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An irrevocable beneficiary is a person – also known as a beneficiary – who is named by another to receive benefits from a life insurance policy in an agreement that cannot be changed without the permission of the beneficiary. This is the opposite of a revocable beneficiary, whose benefits may be altered by the person who takes out the policy. In many cases, this type of beneficiary is named as a way of meeting a financial obligation, like when a person owes money to an ex-spouse. With this type of agreement, a contingent beneficiary is often named to receive the benefits should the irrevocable beneficiary die before the person who bought the policy.
Life insurance is a way for people to leave behind a sum of money after they die to ensure that friends and family are able to meet financial obligations in the aftermath. As such, a life insurance policy names certain people, known as beneficiaries, who will be the recipients of the money specified by the policy. Any time that the policy-holder wants to lock in a certain person who will definitely receive life insurance benefits, he or she names that person an irrevocable beneficiary.
The main benefit of being named an irrevocable beneficiary is that no part of the life insurance agreement concerning that person can be changed without his or her permission. What this means is that the benefits will definitely be transferred at the time of the policy-holder's death. In cases where this beneficiary dies first, the policy-holder can name a contingent beneficiary to receive the benefits that were originally conferred on the deceased beneficiary.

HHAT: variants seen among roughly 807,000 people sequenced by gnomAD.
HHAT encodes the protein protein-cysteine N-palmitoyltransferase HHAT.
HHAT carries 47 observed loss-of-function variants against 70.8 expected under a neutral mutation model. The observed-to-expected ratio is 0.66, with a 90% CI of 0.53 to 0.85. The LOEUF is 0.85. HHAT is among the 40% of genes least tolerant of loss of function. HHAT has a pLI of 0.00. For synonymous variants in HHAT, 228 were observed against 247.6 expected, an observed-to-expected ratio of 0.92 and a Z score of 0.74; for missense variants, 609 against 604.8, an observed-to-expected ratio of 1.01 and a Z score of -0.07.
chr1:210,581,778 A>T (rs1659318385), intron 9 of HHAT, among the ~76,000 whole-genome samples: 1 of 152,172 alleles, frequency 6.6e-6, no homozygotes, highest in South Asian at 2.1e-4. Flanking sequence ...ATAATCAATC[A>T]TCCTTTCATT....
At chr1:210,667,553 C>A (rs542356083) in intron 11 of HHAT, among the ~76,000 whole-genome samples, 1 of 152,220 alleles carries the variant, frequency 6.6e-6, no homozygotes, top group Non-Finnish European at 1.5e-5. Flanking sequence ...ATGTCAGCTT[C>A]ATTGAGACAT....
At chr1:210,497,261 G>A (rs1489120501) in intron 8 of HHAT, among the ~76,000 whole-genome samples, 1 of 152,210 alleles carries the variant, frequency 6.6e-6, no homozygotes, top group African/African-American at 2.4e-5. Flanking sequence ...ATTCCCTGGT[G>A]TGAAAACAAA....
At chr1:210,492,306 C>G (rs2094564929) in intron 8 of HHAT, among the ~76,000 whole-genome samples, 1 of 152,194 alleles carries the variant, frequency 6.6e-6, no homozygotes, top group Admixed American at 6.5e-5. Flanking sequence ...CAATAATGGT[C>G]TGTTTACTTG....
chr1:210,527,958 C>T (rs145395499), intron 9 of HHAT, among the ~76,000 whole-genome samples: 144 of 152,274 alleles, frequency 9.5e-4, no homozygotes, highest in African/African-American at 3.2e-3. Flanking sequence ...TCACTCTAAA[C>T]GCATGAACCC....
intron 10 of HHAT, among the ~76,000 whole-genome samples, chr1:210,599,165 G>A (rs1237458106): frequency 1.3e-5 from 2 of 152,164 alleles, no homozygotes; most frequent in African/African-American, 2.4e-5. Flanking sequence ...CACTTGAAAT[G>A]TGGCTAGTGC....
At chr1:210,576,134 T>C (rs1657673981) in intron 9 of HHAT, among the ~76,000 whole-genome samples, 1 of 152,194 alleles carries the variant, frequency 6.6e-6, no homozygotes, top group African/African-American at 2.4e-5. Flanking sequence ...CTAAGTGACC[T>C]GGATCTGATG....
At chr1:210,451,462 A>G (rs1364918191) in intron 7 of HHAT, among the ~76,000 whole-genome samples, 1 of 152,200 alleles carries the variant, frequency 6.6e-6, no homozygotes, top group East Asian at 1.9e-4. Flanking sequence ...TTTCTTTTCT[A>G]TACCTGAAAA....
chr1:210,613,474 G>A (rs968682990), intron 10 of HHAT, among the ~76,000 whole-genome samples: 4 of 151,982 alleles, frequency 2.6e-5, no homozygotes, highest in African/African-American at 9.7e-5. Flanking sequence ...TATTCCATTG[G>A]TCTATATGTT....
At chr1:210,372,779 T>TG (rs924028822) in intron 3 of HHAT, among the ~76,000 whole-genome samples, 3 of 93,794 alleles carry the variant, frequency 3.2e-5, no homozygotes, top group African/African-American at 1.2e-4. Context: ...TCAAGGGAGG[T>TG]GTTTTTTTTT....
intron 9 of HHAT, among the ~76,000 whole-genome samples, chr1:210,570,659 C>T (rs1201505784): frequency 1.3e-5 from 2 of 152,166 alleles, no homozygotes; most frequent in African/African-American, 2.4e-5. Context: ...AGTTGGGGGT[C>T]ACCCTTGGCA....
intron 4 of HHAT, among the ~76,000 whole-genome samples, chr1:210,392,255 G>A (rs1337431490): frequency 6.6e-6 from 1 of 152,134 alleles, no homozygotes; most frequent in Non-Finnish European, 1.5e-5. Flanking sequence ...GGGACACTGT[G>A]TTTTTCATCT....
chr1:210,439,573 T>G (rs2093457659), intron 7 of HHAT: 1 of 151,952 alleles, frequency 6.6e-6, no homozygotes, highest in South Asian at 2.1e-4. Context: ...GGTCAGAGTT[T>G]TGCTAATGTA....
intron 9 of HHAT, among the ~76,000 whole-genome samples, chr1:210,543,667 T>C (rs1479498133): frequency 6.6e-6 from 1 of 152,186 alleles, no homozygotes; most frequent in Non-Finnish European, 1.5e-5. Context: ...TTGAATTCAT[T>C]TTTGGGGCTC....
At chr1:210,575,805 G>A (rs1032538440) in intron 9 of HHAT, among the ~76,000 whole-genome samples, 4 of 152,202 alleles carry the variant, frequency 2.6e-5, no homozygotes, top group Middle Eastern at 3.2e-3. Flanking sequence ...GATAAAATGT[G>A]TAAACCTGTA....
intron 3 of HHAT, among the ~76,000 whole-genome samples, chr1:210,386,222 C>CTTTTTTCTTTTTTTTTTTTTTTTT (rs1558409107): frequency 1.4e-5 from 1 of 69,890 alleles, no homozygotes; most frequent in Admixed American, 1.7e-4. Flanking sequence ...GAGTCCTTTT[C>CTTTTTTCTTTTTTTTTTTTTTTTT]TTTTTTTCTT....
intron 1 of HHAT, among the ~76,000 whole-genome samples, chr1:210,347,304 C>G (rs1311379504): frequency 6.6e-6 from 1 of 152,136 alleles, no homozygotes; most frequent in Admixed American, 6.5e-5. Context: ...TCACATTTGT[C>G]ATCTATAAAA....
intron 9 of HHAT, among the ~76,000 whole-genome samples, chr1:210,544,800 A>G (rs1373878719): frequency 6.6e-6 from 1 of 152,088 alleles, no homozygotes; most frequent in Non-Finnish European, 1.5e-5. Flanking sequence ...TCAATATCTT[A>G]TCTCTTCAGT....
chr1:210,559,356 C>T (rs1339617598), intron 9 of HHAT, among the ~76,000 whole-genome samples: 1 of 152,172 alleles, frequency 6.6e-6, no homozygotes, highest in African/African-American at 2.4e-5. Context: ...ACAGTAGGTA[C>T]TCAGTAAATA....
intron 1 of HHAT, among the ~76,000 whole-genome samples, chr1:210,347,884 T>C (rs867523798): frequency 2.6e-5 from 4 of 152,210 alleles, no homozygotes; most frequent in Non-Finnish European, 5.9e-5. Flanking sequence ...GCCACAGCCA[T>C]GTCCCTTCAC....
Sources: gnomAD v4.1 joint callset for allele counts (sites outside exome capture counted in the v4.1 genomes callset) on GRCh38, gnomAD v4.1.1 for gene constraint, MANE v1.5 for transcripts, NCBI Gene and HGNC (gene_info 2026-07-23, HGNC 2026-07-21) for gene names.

Not all beneficiaries need to be named an irrevocable beneficiary. Revocable beneficiaries may initially be named to receive benefits from a policy-holder, but this situation could change, for instance, if the policy-holder has a child, or if the beneficiary dies. In these cases, the policy-holder can revoke those benefits from those people and choose other beneficiaries. This could not happen when a beneficiary is named irrevocable, which is why the policy-holder must weigh the decision heavily before making such a declaration.
Using this type of beneficiary is one way for someone to meet financial obligations owed to another. This is often the case in divorce proceedings, when one spouse is deemed responsible for the financial situation of his or her ex-spouse. When this is the case, and the ex-spouse is named as an irrevocable beneficiary, it is usually accompanied by a court order certifying this agreement. This prevents the person holding the policy from cancelling it and negating the benefits meant for his or her former spouse.
You've also got revocable and irrevocable trusts which are important in estate planning. A revocable trust can be altered during the life of the grantor, whereas an irrevocable one cannot be.
It is fairly common for people with significant assets to protect to take out revocable trusts, which become irrevocable upon the death of the grantor. The grantor gets to live on the assets of the trust during his or her lifetime and the rest go to the beneficiaries after death. An advantage here is that a good trust spells out specifically who gets what upon death and there are some "death tax" ramifications that can be somewhat avoided with a solid trust.
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